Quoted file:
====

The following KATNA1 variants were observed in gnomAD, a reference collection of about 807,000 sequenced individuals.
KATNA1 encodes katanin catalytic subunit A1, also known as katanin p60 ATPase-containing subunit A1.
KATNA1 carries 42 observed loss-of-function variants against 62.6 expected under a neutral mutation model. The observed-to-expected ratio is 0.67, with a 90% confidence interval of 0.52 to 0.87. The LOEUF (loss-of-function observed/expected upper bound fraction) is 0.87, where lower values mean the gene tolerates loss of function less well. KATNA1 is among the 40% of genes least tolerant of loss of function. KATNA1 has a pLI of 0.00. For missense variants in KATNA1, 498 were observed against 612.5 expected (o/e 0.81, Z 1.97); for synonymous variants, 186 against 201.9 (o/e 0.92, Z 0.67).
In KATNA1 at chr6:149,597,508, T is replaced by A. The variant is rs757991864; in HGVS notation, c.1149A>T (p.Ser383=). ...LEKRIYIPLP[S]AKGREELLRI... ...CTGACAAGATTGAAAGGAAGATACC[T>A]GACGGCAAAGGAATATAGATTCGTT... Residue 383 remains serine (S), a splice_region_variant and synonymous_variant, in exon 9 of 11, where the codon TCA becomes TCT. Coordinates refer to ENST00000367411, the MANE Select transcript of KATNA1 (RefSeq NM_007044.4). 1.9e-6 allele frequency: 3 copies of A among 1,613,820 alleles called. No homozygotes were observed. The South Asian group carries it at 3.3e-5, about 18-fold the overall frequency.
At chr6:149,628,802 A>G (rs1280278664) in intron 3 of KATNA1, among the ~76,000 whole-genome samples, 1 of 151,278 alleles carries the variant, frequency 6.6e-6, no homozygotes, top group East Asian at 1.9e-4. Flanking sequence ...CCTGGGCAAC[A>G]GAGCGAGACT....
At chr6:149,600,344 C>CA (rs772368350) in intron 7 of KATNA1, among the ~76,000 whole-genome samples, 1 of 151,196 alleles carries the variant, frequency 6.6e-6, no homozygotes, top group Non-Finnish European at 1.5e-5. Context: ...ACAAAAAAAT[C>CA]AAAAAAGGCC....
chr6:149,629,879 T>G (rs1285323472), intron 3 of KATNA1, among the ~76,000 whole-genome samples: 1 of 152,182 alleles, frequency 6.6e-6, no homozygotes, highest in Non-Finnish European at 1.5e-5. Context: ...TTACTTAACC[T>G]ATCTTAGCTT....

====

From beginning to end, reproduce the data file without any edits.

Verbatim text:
The following KATNA1 variants were observed in gnomAD, a reference collection of about 807,000 sequenced individuals.
KATNA1 encodes katanin catalytic subunit A1, also known as katanin p60 ATPase-containing subunit A1.
KATNA1 carries 42 observed loss-of-function variants against 62.6 expected under a neutral mutation model. The observed-to-expected ratio is 0.67, with a 90% confidence interval of 0.52 to 0.87. The LOEUF (loss-of-function observed/expected upper bound fraction) is 0.87, where lower values mean the gene tolerates loss of function less well. KATNA1 is among the 40% of genes least tolerant of loss of function. KATNA1 has a pLI of 0.00. For missense variants in KATNA1, 498 were observed against 612.5 expected (o/e 0.81, Z 1.97); for synonymous variants, 186 against 201.9 (o/e 0.92, Z 0.67).
In KATNA1 at chr6:149,597,508, T is replaced by A. The variant is rs757991864; in HGVS notation, c.1149A>T (p.Ser383=). ...LEKRIYIPLP[S]AKGREELLRI... ...CTGACAAGATTGAAAGGAAGATACC[T>A]GACGGCAAAGGAATATAGATTCGTT... Residue 383 remains serine (S), a splice_region_variant and synonymous_variant, in exon 9 of 11, where the codon TCA becomes TCT. Coordinates refer to ENST00000367411, the MANE Select transcript of KATNA1 (RefSeq NM_007044.4). 1.9e-6 allele frequency: 3 copies of A among 1,613,820 alleles called. No homozygotes were observed. The South Asian group carries it at 3.3e-5, about 18-fold the overall frequency.
At chr6:149,628,802 A>G (rs1280278664) in intron 3 of KATNA1, among the ~76,000 whole-genome samples, 1 of 151,278 alleles carries the variant, frequency 6.6e-6, no homozygotes, top group East Asian at 1.9e-4. Flanking sequence ...CCTGGGCAAC[A>G]GAGCGAGACT....
At chr6:149,600,344 C>CA (rs772368350) in intron 7 of KATNA1, among the ~76,000 whole-genome samples, 1 of 151,196 alleles carries the variant, frequency 6.6e-6, no homozygotes, top group Non-Finnish European at 1.5e-5. Context: ...ACAAAAAAAT[C>CA]AAAAAAGGCC....
chr6:149,629,879 T>G (rs1285323472), intron 3 of KATNA1, among the ~76,000 whole-genome samples: 1 of 152,182 alleles, frequency 6.6e-6, no homozygotes, highest in Non-Finnish European at 1.5e-5. Context: ...TTACTTAACC[T>G]ATCTTAGCTT....